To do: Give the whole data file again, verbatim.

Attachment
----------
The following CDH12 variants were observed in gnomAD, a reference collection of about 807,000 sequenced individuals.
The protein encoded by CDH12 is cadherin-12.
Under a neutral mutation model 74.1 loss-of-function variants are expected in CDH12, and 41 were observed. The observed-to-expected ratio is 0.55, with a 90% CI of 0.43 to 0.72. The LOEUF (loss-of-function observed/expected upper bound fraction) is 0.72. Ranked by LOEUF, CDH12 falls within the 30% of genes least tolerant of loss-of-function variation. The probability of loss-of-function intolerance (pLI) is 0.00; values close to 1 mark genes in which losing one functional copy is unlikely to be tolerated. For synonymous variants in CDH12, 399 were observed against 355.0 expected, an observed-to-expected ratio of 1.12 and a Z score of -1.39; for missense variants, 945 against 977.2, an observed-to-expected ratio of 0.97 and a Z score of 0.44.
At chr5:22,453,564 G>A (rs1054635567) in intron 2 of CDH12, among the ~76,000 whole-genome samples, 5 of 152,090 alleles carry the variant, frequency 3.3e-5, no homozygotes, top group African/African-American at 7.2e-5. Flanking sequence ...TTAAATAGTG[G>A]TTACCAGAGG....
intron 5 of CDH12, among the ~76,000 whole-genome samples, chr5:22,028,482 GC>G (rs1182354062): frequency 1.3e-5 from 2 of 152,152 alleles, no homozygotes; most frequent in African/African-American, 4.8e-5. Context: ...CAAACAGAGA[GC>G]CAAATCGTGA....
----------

The following CDH12 variants were observed in gnomAD, a reference collection of about 807,000 sequenced individuals.
The protein encoded by CDH12 is cadherin-12.
Under a neutral mutation model 74.1 loss-of-function variants are expected in CDH12, and 41 were observed. The observed-to-expected ratio is 0.55, with a 90% CI of 0.43 to 0.72. The LOEUF (loss-of-function observed/expected upper bound fraction) is 0.72. Ranked by LOEUF, CDH12 falls within the 30% of genes least tolerant of loss-of-function variation. The probability of loss-of-function intolerance (pLI) is 0.00; values close to 1 mark genes in which losing one functional copy is unlikely to be tolerated. For synonymous variants in CDH12, 399 were observed against 355.0 expected, an observed-to-expected ratio of 1.12 and a Z score of -1.39; for missense variants, 945 against 977.2, an observed-to-expected ratio of 0.97 and a Z score of 0.44.
At chr5:22,453,564 G>A (rs1054635567) in intron 2 of CDH12, among the ~76,000 whole-genome samples, 5 of 152,090 alleles carry the variant, frequency 3.3e-5, no homozygotes, top group African/African-American at 7.2e-5. Flanking sequence ...TTAAATAGTG[G>A]TTACCAGAGG....
intron 5 of CDH12, among the ~76,000 whole-genome samples, chr5:22,028,482 GC>G (rs1182354062): frequency 1.3e-5 from 2 of 152,152 alleles, no homozygotes; most frequent in African/African-American, 4.8e-5. Context: ...CAAACAGAGA[GC>G]CAAATCGTGA....